But Lessing, who once called realist fiction "the highest form of prose writing," soon launched into a science-fiction series, Canopus in Argos: Archives, which baffled many of her fans. Lessing used the term "space fiction" for the series, which recounts human history from the points of view of various extraterrestrial beings. Though Lessing gained some new readers with her Canopus series, her early admirers were relieved when she came back to Earth in The Fifth Child, the story of a monstrous child born to ordinary suburban parents, which Carolyn Kizer deemed "a minor classic." Later novels like Mara and Dann included elements of fantasy and science fiction, but recently, with the publication of The Sweetest Dream, Lessing has returned to domestic fiction in the realist mode, which many critics still see as her best form.

Throughout her life, Lessing has been drawn to systems for improving human experience -- first Marxism, then the psychiatry of R. D. Laing, then Sufi mysticism. But her yearning for a single, transcendent truth coexists with a sharp awareness of the contradictory mix of vanities, passions, and aggressions that make up most human lives. As Margaret Drabble noted, Lessing is "one of the very few novelists who have refused to believe that the world is too complicated to understand."

Good To Know

Lessing's African stories painted a grim picture of white colonialism and the oppression of black Africans, and in 1956, Lessing was declared a prohibited alien in South Africa and Southern Rhodesia. In 1995, she was able to visit her daughter and grandchildren in South Africa, where her works are now acclaimed for the same content that was once condemned.

Though she was briefly allied with the Communist Party in Salisbury, Lessing has frequently insisted that the picture of her as a political activist is exaggerated. "I am always being described as having views that I never had in my life," she once told the Guardian. She has, however, been an outspoken critic of the racial politics of South Africa, and she once turned down the chance to become a Dame of the British Empire on the grounds that there is no British Empire.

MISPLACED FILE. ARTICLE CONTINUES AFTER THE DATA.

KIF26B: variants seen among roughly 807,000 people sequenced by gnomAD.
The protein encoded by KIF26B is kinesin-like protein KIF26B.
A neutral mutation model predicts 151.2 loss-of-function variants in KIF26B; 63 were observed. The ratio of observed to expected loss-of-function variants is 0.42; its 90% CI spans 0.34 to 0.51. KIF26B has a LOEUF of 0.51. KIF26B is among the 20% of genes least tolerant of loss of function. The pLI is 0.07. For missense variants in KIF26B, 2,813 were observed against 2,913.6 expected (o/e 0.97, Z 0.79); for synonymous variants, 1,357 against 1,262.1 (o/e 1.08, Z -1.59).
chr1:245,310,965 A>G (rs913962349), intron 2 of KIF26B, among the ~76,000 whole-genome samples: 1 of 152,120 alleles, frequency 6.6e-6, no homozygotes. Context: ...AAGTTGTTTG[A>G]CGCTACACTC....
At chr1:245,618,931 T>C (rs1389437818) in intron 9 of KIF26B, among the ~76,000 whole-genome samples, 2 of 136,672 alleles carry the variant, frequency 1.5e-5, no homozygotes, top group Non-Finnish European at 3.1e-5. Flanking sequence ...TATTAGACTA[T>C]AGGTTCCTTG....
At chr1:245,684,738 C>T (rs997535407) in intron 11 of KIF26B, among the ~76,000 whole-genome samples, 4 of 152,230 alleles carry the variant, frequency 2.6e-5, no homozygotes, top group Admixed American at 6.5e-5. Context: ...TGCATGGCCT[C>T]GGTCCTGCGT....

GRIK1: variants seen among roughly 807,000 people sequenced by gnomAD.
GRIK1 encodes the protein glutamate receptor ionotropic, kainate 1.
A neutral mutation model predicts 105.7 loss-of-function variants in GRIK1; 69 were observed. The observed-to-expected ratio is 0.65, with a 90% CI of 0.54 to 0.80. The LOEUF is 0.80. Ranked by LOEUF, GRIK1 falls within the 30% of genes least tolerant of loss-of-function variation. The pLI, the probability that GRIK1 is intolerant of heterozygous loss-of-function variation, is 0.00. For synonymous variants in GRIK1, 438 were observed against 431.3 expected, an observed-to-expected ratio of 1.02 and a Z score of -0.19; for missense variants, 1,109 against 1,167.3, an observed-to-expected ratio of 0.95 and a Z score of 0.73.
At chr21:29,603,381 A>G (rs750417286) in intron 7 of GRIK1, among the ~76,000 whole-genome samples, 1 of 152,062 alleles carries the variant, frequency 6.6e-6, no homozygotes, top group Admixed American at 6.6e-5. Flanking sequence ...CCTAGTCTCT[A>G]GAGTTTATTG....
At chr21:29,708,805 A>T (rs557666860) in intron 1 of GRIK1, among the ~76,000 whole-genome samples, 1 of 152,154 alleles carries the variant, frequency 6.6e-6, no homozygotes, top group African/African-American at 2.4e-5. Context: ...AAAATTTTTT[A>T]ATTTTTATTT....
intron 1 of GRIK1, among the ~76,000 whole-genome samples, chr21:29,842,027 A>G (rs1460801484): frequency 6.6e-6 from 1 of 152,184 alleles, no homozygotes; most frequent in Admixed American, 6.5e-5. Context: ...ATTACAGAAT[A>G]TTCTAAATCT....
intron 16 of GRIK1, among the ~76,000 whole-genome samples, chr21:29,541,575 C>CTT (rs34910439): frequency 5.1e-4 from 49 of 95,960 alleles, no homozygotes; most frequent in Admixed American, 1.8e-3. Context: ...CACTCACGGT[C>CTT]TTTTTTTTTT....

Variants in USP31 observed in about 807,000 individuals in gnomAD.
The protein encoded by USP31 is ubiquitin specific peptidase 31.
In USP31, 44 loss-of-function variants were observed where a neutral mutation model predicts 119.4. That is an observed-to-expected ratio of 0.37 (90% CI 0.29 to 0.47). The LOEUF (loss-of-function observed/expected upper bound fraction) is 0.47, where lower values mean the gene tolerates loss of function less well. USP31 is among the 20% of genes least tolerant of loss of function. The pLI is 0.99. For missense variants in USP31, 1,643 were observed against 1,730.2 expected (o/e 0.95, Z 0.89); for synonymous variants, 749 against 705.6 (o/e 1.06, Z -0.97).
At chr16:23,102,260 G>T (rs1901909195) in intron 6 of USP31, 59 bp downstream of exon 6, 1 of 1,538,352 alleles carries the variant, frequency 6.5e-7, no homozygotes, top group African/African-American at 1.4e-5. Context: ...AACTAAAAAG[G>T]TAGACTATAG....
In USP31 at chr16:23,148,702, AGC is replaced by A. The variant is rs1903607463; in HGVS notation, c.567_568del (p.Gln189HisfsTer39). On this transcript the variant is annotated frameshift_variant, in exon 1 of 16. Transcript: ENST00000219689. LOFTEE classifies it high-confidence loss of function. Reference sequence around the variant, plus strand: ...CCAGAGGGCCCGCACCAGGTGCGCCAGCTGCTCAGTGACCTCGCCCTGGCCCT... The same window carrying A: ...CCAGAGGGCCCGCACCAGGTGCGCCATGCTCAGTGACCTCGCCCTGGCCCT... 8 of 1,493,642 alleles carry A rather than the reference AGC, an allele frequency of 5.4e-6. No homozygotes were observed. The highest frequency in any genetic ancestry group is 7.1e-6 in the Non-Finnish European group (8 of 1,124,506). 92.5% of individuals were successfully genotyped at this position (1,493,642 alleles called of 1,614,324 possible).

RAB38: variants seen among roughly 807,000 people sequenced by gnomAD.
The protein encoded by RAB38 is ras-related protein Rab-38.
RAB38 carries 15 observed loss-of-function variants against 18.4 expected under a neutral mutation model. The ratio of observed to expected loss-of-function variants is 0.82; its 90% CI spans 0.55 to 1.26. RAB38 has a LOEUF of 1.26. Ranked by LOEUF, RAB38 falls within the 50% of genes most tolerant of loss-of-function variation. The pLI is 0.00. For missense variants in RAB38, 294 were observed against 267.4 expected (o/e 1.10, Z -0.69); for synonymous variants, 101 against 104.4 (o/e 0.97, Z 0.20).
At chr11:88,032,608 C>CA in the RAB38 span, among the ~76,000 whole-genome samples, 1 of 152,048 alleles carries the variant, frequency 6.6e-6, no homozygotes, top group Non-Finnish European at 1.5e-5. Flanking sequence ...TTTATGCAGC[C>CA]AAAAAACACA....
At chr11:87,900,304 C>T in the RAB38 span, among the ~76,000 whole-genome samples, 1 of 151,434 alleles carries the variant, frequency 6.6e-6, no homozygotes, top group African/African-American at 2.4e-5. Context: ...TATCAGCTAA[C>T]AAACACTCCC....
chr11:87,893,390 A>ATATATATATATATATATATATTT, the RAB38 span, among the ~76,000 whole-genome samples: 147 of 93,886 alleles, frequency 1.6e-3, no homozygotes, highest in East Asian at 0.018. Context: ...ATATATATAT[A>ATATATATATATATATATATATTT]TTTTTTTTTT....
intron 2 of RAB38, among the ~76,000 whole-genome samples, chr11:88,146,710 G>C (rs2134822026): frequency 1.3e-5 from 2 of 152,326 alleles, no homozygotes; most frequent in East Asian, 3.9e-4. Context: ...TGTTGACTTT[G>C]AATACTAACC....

To demonstrate how difficult it is for new writers to get published, Lessing sent a manuscript to her publishers under the pseudonym Jane Somers. Her British publisher turned it down, as did several other prominent publishers (though her American editor detected the ruse and accepted the book). The Diary of a Good Neighbour was published as the work of Jane Somers, to little fanfare and mixed critical reviews. Lessing followed it with a sequel, If the Old Could..., before revealing her identity as the author of both.

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    1. Also Known As:
      Doris May Tayler (birth name), Jane Somers (pseudonym)
    2. Hometown:
      London, England
    1. Date of Birth:
      October 22, 1919
    2. Place of Birth:
      Persia (now Iran)
    1. Date of Death:
      November 17, 2013
    2. Place of Death:
      London, England

Read an Excerpt

Over the plains of Ethiopia the sun rose as I had not seen it in seven years. A big, cool, empty sky flushed a little above a rim of dark mountains. The landscape 20,000 feet below gathered itself from the dark and showed a pale gleam of grass, a sheen of water. The red deepened and pulsed, radiating streaks of fire. There hung the sun, like a luminous spider's egg, or a white pearl, just below the rim of the, mountains. Suddenly it swelled, turned red, roared over the horizon and drove up the sky like a train engine. I knew how far below in the swelling heat the birds were an orchestra in the trees about the villages of mud huts; how the long grass was straightening while dangling flocks of dewdrops dwindled and dried; how the people were moving out into the fields about the business of herding and hoeing.

Here is where the sun regulates living in a twelve-hour cycle. Here the sun is a creature of the same stuff as oneself; powerful and angry, but at least responsive, and no mere dispenser of pale candlepower.